:: Polyvinyl Chloride :: Theben
The Benefits and Safety of Vinyl
As the material of choice for blood bags and medical tubing,
vinyl helps to maintain the world's blood supply and supports
critical healthcare procedures such as dialysis. As a packaging
material, vinyl helps to keep meats and other foods safe and
fresh during transportation and on store shelves, and it provides
tamper-resistant packaging for food, pharmaceuticals and other
products. Because it will not rust or corrode and breaks far
less frequently than alternative materials, vinyl is widely
used in water pipes to deliver clean, safe-to-drink water and
in sewer pipes to ensure the integrity of wastewater handling
systems. Vinyl's resistance to breakdown under high electrical
voltage and its ability to bend without cracking make it the
leading material for wire and cable insulation. As an underbody
coating on automobiles, vinyl has helped to add years to the
life of motor vehicles. Vinyl's toughness and durability make
it the most widely used plastic for building and construction
applications such as siding, windows, roofing, fencing, decking,
wallcoverings and flooring. These are just a few of the myriad,
cost-effective uses of vinyl in everyday life.
What is vinyl used for?
Is vinyl safe?
Yes. Vinyl (or PVC) has been used in products for decades without
any evidence of harm to human health. Vinyl is used in medical
products such as blood bags and medical tubing and in such food-contact
applications as meat wrap, bottles and can enamel. These products
are regulated for safety by the U.S. Food and Drug Administration.
According to Bruce Burlington, MD, director, FDA's Center for
Devices and Radiological Health (CDRH), "We believe that
IV bags, blood administration sets and other uses of PVC including
dialysis tubing are safe" (Boston Globe, Feb. 22, 1999).
Alternative materials may not be available or may not offer
the important performance characteristics that vinyl offers
for these and other uses. This point was made by David Feigal,
MD, medical deputy director, FDA's Center for Biologics Evaluation
& Research (CBER), who said, "
we would need to
see a substantial amount of testing to make sure we weren't
moving from a product with good characteristics to one that
we don't know very much about" (Washington Post, Feb. 22,
In another example of its safety, vinyl is used in pipes certified
to meet American National Standards Institute/National Sanitation
Foundation Standard 61 for safe use in drinking water service.
How are vinyl industry workers and surrounding communities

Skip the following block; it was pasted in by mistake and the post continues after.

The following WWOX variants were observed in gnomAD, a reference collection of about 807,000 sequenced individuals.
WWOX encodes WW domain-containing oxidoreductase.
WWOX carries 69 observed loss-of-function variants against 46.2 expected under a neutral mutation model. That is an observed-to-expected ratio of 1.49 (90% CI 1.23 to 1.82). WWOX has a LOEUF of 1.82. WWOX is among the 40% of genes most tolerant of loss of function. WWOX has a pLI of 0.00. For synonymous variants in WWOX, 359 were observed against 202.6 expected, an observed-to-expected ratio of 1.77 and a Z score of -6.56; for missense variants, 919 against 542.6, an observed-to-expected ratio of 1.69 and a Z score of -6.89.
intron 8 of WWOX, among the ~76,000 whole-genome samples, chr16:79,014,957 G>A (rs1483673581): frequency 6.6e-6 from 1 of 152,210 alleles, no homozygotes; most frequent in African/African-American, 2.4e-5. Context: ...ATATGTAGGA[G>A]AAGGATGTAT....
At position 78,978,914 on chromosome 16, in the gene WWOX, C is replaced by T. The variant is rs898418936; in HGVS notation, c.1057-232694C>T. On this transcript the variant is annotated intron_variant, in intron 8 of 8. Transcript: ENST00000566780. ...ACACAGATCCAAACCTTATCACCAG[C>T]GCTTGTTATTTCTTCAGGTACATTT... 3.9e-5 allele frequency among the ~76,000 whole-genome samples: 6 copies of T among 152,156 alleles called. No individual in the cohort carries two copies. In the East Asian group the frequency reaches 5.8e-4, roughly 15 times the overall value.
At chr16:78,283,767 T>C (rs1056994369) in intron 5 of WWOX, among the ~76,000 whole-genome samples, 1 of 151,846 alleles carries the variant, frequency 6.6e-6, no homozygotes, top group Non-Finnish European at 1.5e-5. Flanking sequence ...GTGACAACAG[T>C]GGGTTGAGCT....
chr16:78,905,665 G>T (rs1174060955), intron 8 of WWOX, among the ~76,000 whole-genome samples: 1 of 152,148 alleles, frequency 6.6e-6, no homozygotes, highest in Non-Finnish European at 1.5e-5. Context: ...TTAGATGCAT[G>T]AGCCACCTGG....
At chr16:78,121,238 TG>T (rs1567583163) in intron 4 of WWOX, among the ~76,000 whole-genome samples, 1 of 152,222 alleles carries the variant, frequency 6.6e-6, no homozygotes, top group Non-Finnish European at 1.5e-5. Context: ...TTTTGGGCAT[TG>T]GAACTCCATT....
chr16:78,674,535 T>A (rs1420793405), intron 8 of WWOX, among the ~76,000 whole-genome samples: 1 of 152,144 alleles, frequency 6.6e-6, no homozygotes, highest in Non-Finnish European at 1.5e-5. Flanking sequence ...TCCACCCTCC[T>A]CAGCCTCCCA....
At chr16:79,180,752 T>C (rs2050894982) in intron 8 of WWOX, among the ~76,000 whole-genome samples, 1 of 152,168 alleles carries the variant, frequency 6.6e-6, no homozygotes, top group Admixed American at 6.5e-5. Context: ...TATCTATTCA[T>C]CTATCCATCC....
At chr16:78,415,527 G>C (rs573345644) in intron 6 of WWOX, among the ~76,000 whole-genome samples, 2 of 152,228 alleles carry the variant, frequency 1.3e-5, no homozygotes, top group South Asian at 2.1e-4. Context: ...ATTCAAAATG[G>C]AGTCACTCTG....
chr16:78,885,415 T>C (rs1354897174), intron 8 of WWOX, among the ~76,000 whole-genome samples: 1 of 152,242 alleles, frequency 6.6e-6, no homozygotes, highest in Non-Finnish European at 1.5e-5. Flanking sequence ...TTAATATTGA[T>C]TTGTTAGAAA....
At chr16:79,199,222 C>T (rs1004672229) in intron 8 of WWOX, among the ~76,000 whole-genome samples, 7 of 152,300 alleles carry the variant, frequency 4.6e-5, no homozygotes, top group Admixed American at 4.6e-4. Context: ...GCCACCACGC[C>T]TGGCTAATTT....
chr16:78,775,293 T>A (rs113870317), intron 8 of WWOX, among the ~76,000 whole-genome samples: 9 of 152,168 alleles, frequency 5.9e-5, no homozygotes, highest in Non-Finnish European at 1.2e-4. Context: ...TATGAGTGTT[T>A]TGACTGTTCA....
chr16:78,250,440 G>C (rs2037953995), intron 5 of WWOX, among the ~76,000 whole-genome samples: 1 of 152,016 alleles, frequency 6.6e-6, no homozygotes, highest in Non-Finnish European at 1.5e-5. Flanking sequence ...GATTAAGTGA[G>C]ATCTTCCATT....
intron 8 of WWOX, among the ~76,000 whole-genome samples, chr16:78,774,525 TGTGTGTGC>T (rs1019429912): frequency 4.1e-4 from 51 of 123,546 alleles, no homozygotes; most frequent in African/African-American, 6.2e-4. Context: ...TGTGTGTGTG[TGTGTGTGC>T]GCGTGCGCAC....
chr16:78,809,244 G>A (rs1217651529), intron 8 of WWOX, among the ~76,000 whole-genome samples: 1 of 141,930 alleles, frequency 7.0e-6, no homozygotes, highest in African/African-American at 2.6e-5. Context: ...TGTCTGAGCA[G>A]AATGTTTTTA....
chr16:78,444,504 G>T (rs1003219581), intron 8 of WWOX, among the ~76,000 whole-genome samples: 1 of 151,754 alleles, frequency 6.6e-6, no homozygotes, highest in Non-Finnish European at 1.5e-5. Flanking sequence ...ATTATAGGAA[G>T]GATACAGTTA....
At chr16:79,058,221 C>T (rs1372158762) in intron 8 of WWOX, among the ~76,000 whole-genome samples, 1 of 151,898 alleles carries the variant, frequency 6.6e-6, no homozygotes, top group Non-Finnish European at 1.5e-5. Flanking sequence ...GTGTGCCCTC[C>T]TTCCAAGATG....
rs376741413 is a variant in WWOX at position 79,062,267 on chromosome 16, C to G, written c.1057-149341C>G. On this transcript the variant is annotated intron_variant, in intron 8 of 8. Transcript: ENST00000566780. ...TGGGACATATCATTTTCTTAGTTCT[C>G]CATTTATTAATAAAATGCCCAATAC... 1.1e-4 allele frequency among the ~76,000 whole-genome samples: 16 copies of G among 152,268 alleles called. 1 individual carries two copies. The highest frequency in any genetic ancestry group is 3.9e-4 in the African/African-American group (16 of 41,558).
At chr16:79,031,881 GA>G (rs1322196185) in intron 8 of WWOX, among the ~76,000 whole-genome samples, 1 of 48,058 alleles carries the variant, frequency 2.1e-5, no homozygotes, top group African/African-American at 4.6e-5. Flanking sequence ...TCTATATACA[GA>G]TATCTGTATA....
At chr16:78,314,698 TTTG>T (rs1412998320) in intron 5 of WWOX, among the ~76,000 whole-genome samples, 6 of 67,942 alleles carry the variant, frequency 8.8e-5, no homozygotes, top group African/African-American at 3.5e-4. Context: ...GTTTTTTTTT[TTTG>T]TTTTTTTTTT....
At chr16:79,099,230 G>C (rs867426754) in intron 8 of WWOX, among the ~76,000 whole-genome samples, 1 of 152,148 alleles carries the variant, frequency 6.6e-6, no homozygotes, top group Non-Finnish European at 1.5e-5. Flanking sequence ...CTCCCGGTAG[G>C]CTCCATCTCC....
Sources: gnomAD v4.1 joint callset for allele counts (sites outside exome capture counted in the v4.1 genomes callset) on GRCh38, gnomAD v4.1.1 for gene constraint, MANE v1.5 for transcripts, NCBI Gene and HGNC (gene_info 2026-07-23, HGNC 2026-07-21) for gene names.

All vinyl manufacturing facilities are closely regulated by
the federal Occupational Safety and Health Administration (OSHA)
and the Environmental Protection Agency (EPA). Workplace exposure
limits are highly protective. The industry uses an enclosed
process to produce vinyl that minimizes environmental releases
and worker exposure to vinyl chloride (VCM). Vinyl manufacturers
are also required to have ongoing training programs and safety
drills that keep employees prepared and protected.
What risk does the public face by having a vinyl chloride
manufacturing facility in its midst?
Since the 1970s, individual manufacturing plants have conducted
monitoring of surrounding communities to identify potential
exposures to nearby residents from the vinyl production process.
Several independent studies have also been undertaken to determine
an association between exposure to vinyl chloride (VCM) and
cancer in the general population. These include studies conducted
by the U.S. Centers for Disease Control and specific reviews
conducted in the states of New York and Wisconsin, as well as
in Great Britain, Sweden, Holland and Canada. Representatives
of the U.S. EPA have stated that the agency has been unable
to establish a link between living near a VCM/PVC plant and
angiosarcoma, a rare form of liver cancer associated with high
exposure to vinyl chloride.
How are vinyl manufacturers protecting the environment?
Over the past several years, vinyl production has risen while
environmental releases associated with production and disposal
have fallen. This is due in part to the fact that vinyl has
been regulated for decades, ensuring that workers, local communities
and the environment are protected at each step in the life
cycle of the material and the products made from it. Just
as important, the vinyl industry instituted its own voluntary
programs to improve manufacturing efficiencies and reduce
emissions - extending the impact of government efforts even
further. The vinyl industry supported strict federal standards
for incinerators that are now being phased in.